The Imaginary Realms of
Gilbert M. Stack


Dennis E. Taylor

Dennis E. Taylor

My brother introduced me to Dennis E. Taylor's novels when he recommended the extraordinary book, We Are Legion (We Are Bob)


Heaven’s Rivers by Dennis E. Taylor

For most of the novel, this was a book in search of a plot. The technical overarching plot was the search for Bender who has been missing for quite a while. The more interesting subplot focused on a group of Bobs who call themselves Starfleet and have decided to force the other Bobs to stop interacting with biologicals. The first plot didn’t work much at all until the very end of the novel and the second was interesting but not interesting enough to float a book this length.

And that is truly the biggest problem with the novel. It was way too long and badly in need of an editor who would tell the author he needed to cut one-third of the material to make this more readable. The whole middle of the novel bogged down in endless exploration of Heaven’s River—a Ringworld-derived-idea on which trillions of aliens could eventually live. There was just too much exploration and not enough finding Bender. This part of the plot picks up quite a bit when Bender is found and has to be rescued, but it was terribly tedious getting to that point.

The Starfleet plotline was better. There are thousands of Bobs over some twenty-five generations and many of them just don’t think like Bob anymore. Bob is an intensely libertarian mindset who just doesn’t like others telling him what to do. So what do you do when you get a couple of thousand Bobs trying to dictate actions to the others? It’s an interesting problem and was the only reason I kept reading long enough to start liking the main storyline again.

After a lot of contemplation, I’ve decided I like this book more than I dislike it, but I’m hoping Taylor writes something new before returning to the Bobiverse.

The Bobiverse

We Are Legion (We Are Bob) by Dennis E. Taylor

This book is a based on a unique (at least to my experience) idea, which is a wonderful thing to discover in SF or any genre. Bob dies in the twenty-first century just after having arranged to have his body frozen, gambling that medical science in the future will be able to fix whatever killed him. Unfortunately for Bob, the government of the future declares that corpsickles are property with no rights. Bob’s brain has been scanned and transformed into a form of AI that is in competition with other AIs to be in charge of an interstellar space probe. If he loses the competition he will be shut down and his “life”, such as it is, will be over. This was by far the most interesting part of the novel. I loved every page and couldn’t wait to read the next one.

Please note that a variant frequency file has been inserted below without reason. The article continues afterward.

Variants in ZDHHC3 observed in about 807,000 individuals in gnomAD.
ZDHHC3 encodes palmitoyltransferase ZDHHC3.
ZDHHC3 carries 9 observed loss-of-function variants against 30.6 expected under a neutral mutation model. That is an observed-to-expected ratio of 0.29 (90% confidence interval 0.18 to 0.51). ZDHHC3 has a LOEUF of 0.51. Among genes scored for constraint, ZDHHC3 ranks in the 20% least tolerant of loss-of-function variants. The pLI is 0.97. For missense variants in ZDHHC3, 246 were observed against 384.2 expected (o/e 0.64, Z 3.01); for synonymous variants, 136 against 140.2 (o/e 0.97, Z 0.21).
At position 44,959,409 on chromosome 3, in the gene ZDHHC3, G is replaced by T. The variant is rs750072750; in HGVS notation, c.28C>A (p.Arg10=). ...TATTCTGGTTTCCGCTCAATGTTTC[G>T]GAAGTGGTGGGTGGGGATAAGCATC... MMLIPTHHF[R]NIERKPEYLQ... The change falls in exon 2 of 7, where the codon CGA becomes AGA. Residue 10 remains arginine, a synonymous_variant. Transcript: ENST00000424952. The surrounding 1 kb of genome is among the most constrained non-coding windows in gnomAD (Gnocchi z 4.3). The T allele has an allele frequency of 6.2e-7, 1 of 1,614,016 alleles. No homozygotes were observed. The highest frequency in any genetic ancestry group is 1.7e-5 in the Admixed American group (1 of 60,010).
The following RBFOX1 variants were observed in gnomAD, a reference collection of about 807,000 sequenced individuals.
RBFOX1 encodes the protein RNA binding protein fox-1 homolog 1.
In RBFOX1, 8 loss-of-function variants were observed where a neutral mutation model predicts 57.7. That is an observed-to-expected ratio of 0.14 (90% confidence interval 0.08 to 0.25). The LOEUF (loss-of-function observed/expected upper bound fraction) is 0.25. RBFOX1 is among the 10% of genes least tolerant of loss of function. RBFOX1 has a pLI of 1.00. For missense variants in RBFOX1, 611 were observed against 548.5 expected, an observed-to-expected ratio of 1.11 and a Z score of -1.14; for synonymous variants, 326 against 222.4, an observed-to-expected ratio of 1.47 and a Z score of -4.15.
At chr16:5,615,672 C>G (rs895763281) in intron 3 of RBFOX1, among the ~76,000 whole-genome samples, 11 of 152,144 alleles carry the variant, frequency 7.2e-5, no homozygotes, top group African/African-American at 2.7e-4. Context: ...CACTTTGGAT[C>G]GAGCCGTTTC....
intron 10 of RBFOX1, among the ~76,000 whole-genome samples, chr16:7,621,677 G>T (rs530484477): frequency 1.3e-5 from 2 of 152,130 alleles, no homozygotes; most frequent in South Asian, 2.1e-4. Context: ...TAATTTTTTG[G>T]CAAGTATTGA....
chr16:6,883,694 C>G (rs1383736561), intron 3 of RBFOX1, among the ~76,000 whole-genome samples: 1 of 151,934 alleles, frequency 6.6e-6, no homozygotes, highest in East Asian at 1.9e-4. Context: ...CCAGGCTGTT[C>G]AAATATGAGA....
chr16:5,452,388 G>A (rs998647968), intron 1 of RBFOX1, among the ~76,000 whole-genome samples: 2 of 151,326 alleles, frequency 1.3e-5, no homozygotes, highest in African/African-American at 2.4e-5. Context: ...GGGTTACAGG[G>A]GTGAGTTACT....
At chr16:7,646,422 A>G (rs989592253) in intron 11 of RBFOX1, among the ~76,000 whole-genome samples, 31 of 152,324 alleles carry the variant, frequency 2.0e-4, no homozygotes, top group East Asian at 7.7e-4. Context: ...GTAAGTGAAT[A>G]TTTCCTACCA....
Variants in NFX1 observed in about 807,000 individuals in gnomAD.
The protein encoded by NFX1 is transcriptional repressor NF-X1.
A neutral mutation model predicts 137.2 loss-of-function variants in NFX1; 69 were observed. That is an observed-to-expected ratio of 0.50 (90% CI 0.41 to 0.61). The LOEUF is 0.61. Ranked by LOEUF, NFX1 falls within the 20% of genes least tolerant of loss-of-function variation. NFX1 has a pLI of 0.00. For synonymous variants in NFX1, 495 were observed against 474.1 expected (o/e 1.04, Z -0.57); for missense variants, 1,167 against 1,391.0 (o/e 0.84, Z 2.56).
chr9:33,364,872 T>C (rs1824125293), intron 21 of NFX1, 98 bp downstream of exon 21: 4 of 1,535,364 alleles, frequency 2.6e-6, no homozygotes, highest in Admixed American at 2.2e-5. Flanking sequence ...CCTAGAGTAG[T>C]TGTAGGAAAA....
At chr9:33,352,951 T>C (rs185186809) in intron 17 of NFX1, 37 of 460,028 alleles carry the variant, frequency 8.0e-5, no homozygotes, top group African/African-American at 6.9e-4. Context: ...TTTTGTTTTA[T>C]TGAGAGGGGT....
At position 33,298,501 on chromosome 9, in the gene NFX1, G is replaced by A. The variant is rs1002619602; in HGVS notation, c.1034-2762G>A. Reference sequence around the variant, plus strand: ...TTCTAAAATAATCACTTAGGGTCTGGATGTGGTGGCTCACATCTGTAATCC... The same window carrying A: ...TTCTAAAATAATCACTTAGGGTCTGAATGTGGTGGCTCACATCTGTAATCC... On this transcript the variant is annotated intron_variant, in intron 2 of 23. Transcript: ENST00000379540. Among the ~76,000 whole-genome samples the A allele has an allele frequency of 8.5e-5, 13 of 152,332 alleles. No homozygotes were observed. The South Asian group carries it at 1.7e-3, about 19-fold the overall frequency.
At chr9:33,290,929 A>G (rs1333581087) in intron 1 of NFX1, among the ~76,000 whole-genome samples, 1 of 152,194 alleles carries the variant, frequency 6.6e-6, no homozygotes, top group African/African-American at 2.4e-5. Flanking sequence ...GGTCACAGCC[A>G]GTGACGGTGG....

After Bob wins the competition and escapes the solar system, the book slowed down a little. It stayed interesting, but not at the breakneck pace of the first portion. Bob clones himself, using 3D printers to make new probes and lots of other equipment. He also has to deal with the problem of competing probes from other nations on earth. And ultimately he has to deal with the survivors on our home planet after it destroys itself in a nuclear war.

This is a great book. No two Bobs share precisely the same personality and it’s fun to watch how each quirky new AI both is and isn’t the Bob we met in chapter one. They have a lot of interesting problems to deal with as well. Overall the tone of the book is light and sarcastic and it is loads of fun.

For We Are Many by Dennis E. Taylor

Life in the “Bobiverse” continues to get more complicated as Taylor takes us through several developing storylines. One Bob is falling in love with a flesh-and-blood human. The original Bob has become obsessively involved with a primitive alien civilization that he is trying to help survive. Others are exploring the galaxy while still more are trying to get the last few million humans off earth and onto colonies. But mostly, the Bobs are trying to figure out how to stop the Others—a genocidal species busy harvesting every solar system they come across.

This book wasn’t quite as fresh as We Are Legion, but the continuing development of the various storylines held my attention. Taylor is particularly adept at showing the variations between the different Bobs and how painful it is for them to watch their biological friends age while they don’t. He also does a beautiful job of depicting the older Bobs growing need to be something more than a complex computer program.

This continues to be an intriguing series. I’ve never read anything quite like it.

All These Worlds by Dennis E. Taylor